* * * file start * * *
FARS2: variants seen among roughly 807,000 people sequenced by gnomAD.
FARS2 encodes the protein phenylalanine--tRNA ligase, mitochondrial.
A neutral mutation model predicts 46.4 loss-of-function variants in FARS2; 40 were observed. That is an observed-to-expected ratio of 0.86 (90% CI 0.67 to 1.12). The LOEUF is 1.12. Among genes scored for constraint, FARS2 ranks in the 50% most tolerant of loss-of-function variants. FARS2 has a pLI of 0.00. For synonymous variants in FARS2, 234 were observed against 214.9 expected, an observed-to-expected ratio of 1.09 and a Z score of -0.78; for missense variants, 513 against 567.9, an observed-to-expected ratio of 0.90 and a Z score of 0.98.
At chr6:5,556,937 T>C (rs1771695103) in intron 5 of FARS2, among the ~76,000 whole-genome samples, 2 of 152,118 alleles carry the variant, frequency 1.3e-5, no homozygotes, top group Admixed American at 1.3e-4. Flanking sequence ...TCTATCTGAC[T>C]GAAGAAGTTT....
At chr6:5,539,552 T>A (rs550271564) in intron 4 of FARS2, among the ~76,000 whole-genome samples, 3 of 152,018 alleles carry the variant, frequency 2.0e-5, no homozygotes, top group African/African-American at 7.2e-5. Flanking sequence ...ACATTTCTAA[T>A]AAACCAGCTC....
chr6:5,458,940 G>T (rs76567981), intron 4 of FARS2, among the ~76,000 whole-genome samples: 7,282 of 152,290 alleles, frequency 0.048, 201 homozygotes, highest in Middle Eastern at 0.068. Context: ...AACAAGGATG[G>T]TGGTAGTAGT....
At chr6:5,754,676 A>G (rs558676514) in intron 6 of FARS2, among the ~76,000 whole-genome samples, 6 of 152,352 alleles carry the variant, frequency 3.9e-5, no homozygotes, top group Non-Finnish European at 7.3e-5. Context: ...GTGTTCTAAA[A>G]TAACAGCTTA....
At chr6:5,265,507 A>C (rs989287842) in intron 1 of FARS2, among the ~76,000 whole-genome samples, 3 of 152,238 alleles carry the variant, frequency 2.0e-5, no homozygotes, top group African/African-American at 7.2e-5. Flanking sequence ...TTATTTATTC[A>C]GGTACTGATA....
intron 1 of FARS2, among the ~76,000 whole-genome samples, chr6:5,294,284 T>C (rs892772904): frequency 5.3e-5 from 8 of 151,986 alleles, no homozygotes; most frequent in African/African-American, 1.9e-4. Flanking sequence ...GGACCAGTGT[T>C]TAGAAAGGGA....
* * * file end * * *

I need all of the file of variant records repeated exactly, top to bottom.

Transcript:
FARS2: variants seen among roughly 807,000 people sequenced by gnomAD.
FARS2 encodes the protein phenylalanine--tRNA ligase, mitochondrial.
A neutral mutation model predicts 46.4 loss-of-function variants in FARS2; 40 were observed. That is an observed-to-expected ratio of 0.86 (90% CI 0.67 to 1.12). The LOEUF is 1.12. Among genes scored for constraint, FARS2 ranks in the 50% most tolerant of loss-of-function variants. FARS2 has a pLI of 0.00. For synonymous variants in FARS2, 234 were observed against 214.9 expected, an observed-to-expected ratio of 1.09 and a Z score of -0.78; for missense variants, 513 against 567.9, an observed-to-expected ratio of 0.90 and a Z score of 0.98.
At chr6:5,556,937 T>C (rs1771695103) in intron 5 of FARS2, among the ~76,000 whole-genome samples, 2 of 152,118 alleles carry the variant, frequency 1.3e-5, no homozygotes, top group Admixed American at 1.3e-4. Flanking sequence ...TCTATCTGAC[T>C]GAAGAAGTTT....
At chr6:5,539,552 T>A (rs550271564) in intron 4 of FARS2, among the ~76,000 whole-genome samples, 3 of 152,018 alleles carry the variant, frequency 2.0e-5, no homozygotes, top group African/African-American at 7.2e-5. Flanking sequence ...ACATTTCTAA[T>A]AAACCAGCTC....
chr6:5,458,940 G>T (rs76567981), intron 4 of FARS2, among the ~76,000 whole-genome samples: 7,282 of 152,290 alleles, frequency 0.048, 201 homozygotes, highest in Middle Eastern at 0.068. Context: ...AACAAGGATG[G>T]TGGTAGTAGT....
At chr6:5,754,676 A>G (rs558676514) in intron 6 of FARS2, among the ~76,000 whole-genome samples, 6 of 152,352 alleles carry the variant, frequency 3.9e-5, no homozygotes, top group Non-Finnish European at 7.3e-5. Context: ...GTGTTCTAAA[A>G]TAACAGCTTA....
At chr6:5,265,507 A>C (rs989287842) in intron 1 of FARS2, among the ~76,000 whole-genome samples, 3 of 152,238 alleles carry the variant, frequency 2.0e-5, no homozygotes, top group African/African-American at 7.2e-5. Flanking sequence ...TTATTTATTC[A>C]GGTACTGATA....
intron 1 of FARS2, among the ~76,000 whole-genome samples, chr6:5,294,284 T>C (rs892772904): frequency 5.3e-5 from 8 of 151,986 alleles, no homozygotes; most frequent in African/African-American, 1.9e-4. Flanking sequence ...GGACCAGTGT[T>C]TAGAAAGGGA....